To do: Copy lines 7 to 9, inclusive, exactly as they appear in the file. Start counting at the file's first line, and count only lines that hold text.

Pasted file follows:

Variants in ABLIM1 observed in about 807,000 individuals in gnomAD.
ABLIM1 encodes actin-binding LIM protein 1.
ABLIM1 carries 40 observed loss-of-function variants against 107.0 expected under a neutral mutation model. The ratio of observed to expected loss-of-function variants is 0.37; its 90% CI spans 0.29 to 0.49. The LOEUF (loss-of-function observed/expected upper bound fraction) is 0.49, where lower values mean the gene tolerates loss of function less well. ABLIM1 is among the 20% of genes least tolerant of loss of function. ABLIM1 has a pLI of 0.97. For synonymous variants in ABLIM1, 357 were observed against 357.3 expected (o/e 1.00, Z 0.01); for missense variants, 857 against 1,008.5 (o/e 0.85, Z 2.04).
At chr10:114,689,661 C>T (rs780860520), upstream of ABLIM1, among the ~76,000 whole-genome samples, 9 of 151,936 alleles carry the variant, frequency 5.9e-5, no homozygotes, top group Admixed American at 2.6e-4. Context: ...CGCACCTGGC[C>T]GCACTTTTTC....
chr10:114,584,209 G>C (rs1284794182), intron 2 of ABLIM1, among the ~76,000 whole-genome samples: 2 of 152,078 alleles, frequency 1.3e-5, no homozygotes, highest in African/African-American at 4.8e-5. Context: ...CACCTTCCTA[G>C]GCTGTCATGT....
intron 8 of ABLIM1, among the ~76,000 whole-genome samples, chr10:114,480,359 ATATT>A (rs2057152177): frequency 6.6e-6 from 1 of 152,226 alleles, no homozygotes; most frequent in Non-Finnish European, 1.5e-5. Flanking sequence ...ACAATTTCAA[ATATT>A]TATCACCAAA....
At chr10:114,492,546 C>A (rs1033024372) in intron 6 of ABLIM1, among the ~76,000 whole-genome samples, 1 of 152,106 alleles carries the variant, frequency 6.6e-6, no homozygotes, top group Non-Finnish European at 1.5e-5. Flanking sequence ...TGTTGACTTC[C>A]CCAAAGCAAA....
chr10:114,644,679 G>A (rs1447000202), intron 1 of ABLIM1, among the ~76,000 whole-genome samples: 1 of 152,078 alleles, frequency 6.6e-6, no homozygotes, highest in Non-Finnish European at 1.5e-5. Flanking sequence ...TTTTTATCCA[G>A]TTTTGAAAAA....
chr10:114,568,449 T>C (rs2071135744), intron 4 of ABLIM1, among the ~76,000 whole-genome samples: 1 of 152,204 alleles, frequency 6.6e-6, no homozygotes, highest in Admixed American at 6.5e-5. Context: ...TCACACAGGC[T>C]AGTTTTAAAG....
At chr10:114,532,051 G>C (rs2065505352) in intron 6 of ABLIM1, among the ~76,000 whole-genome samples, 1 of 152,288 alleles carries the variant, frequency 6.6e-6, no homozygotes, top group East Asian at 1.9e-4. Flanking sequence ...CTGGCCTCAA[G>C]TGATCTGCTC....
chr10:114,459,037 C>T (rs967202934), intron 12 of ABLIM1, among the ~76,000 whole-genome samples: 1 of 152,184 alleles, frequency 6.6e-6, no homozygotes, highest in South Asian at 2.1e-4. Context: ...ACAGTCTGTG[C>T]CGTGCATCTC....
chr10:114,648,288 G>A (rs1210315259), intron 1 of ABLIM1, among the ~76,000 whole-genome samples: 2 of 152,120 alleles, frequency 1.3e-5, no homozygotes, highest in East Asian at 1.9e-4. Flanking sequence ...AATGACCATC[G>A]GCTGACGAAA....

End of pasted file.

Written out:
At chr10:114,492,546 C>A (rs1033024372) in intron 6 of ABLIM1, among the ~76,000 whole-genome samples, 1 of 152,106 alleles carries the variant, frequency 6.6e-6, no homozygotes, top group Non-Finnish European at 1.5e-5. Flanking sequence ...TGTTGACTTC[C>A]CCAAAGCAAA....
chr10:114,644,679 G>A (rs1447000202), intron 1 of ABLIM1, among the ~76,000 whole-genome samples: 1 of 152,078 alleles, frequency 6.6e-6, no homozygotes, highest in Non-Finnish European at 1.5e-5. Flanking sequence ...TTTTTATCCA[G>A]TTTTGAAAAA....
chr10:114,568,449 T>C (rs2071135744), intron 4 of ABLIM1, among the ~76,000 whole-genome samples: 1 of 152,204 alleles, frequency 6.6e-6, no homozygotes, highest in Admixed American at 6.5e-5. Context: ...TCACACAGGC[T>C]AGTTTTAAAG....